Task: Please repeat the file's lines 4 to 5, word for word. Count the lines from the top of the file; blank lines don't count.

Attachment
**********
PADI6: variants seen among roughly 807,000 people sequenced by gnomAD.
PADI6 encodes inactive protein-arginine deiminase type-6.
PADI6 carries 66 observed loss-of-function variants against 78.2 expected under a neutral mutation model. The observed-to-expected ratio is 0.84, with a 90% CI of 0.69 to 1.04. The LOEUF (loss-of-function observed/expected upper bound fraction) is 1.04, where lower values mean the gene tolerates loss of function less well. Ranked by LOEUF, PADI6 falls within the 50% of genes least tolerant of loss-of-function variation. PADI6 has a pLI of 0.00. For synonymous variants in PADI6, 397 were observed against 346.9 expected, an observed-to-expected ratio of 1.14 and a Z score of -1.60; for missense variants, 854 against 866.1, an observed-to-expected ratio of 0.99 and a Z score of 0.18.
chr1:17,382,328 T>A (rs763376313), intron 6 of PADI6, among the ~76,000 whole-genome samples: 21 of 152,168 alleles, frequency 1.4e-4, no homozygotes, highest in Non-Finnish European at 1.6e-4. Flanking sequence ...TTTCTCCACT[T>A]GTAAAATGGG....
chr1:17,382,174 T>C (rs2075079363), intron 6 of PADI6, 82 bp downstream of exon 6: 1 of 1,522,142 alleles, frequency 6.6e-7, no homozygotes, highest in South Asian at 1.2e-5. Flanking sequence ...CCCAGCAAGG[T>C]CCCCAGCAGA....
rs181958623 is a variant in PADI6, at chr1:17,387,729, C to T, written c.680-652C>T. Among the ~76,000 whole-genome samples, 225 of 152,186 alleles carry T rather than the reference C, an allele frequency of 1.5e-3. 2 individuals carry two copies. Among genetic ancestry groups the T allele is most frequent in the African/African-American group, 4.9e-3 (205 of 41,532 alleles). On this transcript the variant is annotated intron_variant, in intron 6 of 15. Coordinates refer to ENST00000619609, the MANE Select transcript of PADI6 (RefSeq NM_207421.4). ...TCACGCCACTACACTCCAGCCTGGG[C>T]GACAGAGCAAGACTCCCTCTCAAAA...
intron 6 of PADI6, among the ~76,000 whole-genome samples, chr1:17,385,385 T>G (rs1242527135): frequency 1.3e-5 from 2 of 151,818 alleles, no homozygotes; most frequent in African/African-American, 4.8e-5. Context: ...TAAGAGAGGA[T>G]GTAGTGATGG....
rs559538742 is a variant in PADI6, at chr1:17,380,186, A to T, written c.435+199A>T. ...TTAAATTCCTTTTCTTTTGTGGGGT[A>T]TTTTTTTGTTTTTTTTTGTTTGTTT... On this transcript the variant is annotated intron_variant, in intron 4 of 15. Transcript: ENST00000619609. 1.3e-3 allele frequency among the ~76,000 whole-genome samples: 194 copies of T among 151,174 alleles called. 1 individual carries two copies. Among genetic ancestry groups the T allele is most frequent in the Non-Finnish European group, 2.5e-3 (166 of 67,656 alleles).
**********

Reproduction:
chr1:17,382,328 T>A (rs763376313), intron 6 of PADI6, among the ~76,000 whole-genome samples: 21 of 152,168 alleles, frequency 1.4e-4, no homozygotes, highest in Non-Finnish European at 1.6e-4. Flanking sequence ...TTTCTCCACT[T>A]GTAAAATGGG....
chr1:17,382,174 T>C (rs2075079363), intron 6 of PADI6, 82 bp downstream of exon 6: 1 of 1,522,142 alleles, frequency 6.6e-7, no homozygotes, highest in South Asian at 1.2e-5. Flanking sequence ...CCCAGCAAGG[T>C]CCCCAGCAGA....